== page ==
Ken Wilber on The Myth of the Given

Footnote 4, Excerpt B, vol. 2 of the Kosmos Trilogy:

4 Incidentally, when we say that theories map or reflect territories brought forth or enacted by a social practice or paradigm, this is NOT a reflection theory of truth–it is not the representation theory, not the fundamental Enlightenment paradigm, not the Mirror of Nature view. The reflection or representation model leaves out the enaction part (which is only the most important part). That is, the reflection model imagines that there is only one territory (or one Nature that all theories are supposed to map, reflect, or represent accurately), and fails to notice that different paradigms bring forth different worlds in the first place.

In short, there is not one world over which different theories compete for supremacy, but many worlds brought forth by many different paradigms, within which different theories then rightly compete according to the rules of engagement of the knowledge community grounded in a particular paradigm or social practice. The representation model is not wrong in its claim that accurately mapping a territory is important, but wrong in its claim that there is only one territory (a claim that secretly absolutized its own paradigm). Paradigms present or create worlds; theories map or represent them. Both are crucial in any integral epistemological model.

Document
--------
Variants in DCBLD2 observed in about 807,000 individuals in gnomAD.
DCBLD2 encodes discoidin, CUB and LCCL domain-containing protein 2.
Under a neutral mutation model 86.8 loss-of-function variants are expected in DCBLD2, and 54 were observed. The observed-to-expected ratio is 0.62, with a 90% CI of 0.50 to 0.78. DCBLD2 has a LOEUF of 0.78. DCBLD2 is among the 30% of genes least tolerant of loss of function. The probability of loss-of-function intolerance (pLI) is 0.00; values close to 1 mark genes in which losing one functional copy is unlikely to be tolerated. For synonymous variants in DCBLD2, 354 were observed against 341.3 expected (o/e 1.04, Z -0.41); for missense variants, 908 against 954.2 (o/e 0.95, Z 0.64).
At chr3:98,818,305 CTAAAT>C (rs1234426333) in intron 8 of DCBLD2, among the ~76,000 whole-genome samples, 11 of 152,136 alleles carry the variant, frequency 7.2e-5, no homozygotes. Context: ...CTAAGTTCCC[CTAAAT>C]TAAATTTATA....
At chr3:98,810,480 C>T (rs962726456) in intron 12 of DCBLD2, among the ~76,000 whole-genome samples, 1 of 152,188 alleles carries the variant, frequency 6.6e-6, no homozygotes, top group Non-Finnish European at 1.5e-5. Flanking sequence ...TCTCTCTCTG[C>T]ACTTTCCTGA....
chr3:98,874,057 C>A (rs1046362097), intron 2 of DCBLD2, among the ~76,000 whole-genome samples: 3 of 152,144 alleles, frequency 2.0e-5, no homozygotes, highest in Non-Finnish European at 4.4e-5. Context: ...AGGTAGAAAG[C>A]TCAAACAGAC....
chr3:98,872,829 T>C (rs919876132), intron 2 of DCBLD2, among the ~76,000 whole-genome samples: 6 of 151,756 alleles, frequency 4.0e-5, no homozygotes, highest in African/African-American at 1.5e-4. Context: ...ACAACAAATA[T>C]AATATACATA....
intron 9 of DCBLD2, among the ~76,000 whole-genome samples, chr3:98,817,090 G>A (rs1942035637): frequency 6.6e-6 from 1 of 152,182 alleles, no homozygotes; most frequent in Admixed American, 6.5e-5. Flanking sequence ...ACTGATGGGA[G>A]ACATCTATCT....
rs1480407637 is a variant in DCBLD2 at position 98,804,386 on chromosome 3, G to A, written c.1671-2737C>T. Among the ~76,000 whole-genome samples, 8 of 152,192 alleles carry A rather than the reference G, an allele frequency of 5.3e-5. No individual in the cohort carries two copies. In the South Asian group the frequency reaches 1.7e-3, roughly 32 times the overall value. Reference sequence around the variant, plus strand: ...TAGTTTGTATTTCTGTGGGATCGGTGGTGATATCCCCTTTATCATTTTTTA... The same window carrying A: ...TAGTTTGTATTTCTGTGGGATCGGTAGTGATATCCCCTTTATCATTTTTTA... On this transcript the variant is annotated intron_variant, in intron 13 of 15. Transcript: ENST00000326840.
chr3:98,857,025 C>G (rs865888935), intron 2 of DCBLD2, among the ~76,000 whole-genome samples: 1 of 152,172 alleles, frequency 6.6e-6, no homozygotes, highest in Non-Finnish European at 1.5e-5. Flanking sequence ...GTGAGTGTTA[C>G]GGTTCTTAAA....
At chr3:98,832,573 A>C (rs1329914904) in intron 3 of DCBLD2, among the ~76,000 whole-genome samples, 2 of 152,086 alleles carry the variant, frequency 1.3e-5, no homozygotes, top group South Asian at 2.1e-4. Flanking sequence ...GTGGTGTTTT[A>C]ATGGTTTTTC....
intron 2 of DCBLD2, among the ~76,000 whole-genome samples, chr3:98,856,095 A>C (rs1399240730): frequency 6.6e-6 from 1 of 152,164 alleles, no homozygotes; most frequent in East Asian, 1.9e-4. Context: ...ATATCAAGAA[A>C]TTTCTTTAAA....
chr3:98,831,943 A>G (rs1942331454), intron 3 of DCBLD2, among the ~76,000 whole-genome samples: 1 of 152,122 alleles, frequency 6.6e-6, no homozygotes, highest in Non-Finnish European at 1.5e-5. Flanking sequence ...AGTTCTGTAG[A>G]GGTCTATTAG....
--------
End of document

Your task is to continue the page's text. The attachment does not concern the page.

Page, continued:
The reason so much postmodern thought fails is that it is still essentially modern.  Writings that call for “changing the paradigm” actually have the write answer but the incorrect understanding of what they are in fact saying.  To change the paradigm would mean to actually change the practice, which these writers wouldn’t actually do because to do so would reveal the flimsy foundations upon which they have built their careers and identities.  Otherwise “changing the paradigm” means simply changing your theory or adding some different facts to your mental repertoire which in fact is not changing the paradigm but as Wilber says “hiding the paradigm”, then assuming that the world presented via that paradigm is the only one in existence and then simply describing/mapping that world (the one assumed though actually encountered).  Worst of all is then to castigate others who are not in this world–how could they be if they are not given the proper directions to its location?

It would be as absurd as to take a photo of your house, send it to your friend without actual directions, your friend that is whose never been to your place and then rail at him/her for not finding it.  What your friend needs instead is your address and the best route available from his place to yours.

The reason this tends not to happen as much with modernist theories is that a much larger portion of the population is already grooving at the level, so the paradigm hiding trick isn’t as big as a deal.  It’s still taking place, though its negative effects are mitigated.

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Published in: on April 27, 2008 at 5:49 pm  Leave a Comment  

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